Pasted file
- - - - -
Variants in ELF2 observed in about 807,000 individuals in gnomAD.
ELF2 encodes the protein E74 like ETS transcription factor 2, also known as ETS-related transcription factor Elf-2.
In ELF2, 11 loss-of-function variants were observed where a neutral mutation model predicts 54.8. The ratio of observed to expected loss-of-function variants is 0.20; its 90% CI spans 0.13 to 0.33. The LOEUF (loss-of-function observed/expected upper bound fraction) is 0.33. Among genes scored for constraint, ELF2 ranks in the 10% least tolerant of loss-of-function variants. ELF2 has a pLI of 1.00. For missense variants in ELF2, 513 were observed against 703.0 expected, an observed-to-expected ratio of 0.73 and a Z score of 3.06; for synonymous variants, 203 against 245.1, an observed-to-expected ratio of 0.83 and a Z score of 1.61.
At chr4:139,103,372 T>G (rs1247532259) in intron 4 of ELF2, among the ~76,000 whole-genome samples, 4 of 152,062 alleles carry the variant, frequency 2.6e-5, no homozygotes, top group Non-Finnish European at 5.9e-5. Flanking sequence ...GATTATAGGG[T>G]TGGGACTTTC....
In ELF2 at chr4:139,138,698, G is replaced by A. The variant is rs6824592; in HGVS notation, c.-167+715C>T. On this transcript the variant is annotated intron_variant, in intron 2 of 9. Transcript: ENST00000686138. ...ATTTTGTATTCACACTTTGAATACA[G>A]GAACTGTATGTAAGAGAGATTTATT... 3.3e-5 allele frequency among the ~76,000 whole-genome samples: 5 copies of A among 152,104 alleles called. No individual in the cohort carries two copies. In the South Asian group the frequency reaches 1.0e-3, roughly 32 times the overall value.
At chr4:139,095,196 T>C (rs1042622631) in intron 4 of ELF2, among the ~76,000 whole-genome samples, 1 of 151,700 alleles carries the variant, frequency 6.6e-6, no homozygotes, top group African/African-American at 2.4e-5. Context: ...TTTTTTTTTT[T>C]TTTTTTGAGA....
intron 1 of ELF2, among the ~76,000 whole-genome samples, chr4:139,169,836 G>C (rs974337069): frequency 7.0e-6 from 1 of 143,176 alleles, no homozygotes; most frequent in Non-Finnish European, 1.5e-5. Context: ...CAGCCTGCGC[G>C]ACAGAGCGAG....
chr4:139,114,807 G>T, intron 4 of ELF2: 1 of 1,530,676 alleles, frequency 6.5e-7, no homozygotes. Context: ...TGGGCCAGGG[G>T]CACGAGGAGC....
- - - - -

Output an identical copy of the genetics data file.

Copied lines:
Variants in ELF2 observed in about 807,000 individuals in gnomAD.
ELF2 encodes the protein E74 like ETS transcription factor 2, also known as ETS-related transcription factor Elf-2.
In ELF2, 11 loss-of-function variants were observed where a neutral mutation model predicts 54.8. The ratio of observed to expected loss-of-function variants is 0.20; its 90% CI spans 0.13 to 0.33. The LOEUF (loss-of-function observed/expected upper bound fraction) is 0.33. Among genes scored for constraint, ELF2 ranks in the 10% least tolerant of loss-of-function variants. ELF2 has a pLI of 1.00. For missense variants in ELF2, 513 were observed against 703.0 expected, an observed-to-expected ratio of 0.73 and a Z score of 3.06; for synonymous variants, 203 against 245.1, an observed-to-expected ratio of 0.83 and a Z score of 1.61.
At chr4:139,103,372 T>G (rs1247532259) in intron 4 of ELF2, among the ~76,000 whole-genome samples, 4 of 152,062 alleles carry the variant, frequency 2.6e-5, no homozygotes, top group Non-Finnish European at 5.9e-5. Flanking sequence ...GATTATAGGG[T>G]TGGGACTTTC....
In ELF2 at chr4:139,138,698, G is replaced by A. The variant is rs6824592; in HGVS notation, c.-167+715C>T. On this transcript the variant is annotated intron_variant, in intron 2 of 9. Transcript: ENST00000686138. ...ATTTTGTATTCACACTTTGAATACA[G>A]GAACTGTATGTAAGAGAGATTTATT... 3.3e-5 allele frequency among the ~76,000 whole-genome samples: 5 copies of A among 152,104 alleles called. No individual in the cohort carries two copies. In the South Asian group the frequency reaches 1.0e-3, roughly 32 times the overall value.
At chr4:139,095,196 T>C (rs1042622631) in intron 4 of ELF2, among the ~76,000 whole-genome samples, 1 of 151,700 alleles carries the variant, frequency 6.6e-6, no homozygotes, top group African/African-American at 2.4e-5. Context: ...TTTTTTTTTT[T>C]TTTTTTGAGA....
intron 1 of ELF2, among the ~76,000 whole-genome samples, chr4:139,169,836 G>C (rs974337069): frequency 7.0e-6 from 1 of 143,176 alleles, no homozygotes; most frequent in Non-Finnish European, 1.5e-5. Context: ...CAGCCTGCGC[G>C]ACAGAGCGAG....
chr4:139,114,807 G>T, intron 4 of ELF2: 1 of 1,530,676 alleles, frequency 6.5e-7, no homozygotes. Context: ...TGGGCCAGGG[G>T]CACGAGGAGC....